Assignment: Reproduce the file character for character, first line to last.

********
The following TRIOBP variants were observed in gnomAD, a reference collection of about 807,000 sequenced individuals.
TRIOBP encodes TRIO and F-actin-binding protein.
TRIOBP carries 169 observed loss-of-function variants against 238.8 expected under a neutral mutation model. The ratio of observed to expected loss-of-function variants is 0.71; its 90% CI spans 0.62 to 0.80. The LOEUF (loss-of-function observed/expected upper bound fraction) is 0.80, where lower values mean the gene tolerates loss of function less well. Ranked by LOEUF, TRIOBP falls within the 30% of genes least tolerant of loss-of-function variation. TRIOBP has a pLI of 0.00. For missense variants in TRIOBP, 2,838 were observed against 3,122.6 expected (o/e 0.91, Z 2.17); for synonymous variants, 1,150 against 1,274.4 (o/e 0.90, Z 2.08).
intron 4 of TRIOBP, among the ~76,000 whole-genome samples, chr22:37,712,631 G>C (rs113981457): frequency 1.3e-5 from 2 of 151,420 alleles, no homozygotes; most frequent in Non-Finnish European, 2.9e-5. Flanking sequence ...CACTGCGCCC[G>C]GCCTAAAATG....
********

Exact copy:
The following TRIOBP variants were observed in gnomAD, a reference collection of about 807,000 sequenced individuals.
TRIOBP encodes TRIO and F-actin-binding protein.
TRIOBP carries 169 observed loss-of-function variants against 238.8 expected under a neutral mutation model. The ratio of observed to expected loss-of-function variants is 0.71; its 90% CI spans 0.62 to 0.80. The LOEUF (loss-of-function observed/expected upper bound fraction) is 0.80, where lower values mean the gene tolerates loss of function less well. Ranked by LOEUF, TRIOBP falls within the 30% of genes least tolerant of loss-of-function variation. TRIOBP has a pLI of 0.00. For missense variants in TRIOBP, 2,838 were observed against 3,122.6 expected (o/e 0.91, Z 2.17); for synonymous variants, 1,150 against 1,274.4 (o/e 0.90, Z 2.08).
intron 4 of TRIOBP, among the ~76,000 whole-genome samples, chr22:37,712,631 G>C (rs113981457): frequency 1.3e-5 from 2 of 151,420 alleles, no homozygotes; most frequent in Non-Finnish European, 2.9e-5. Flanking sequence ...CACTGCGCCC[G>C]GCCTAAAATG....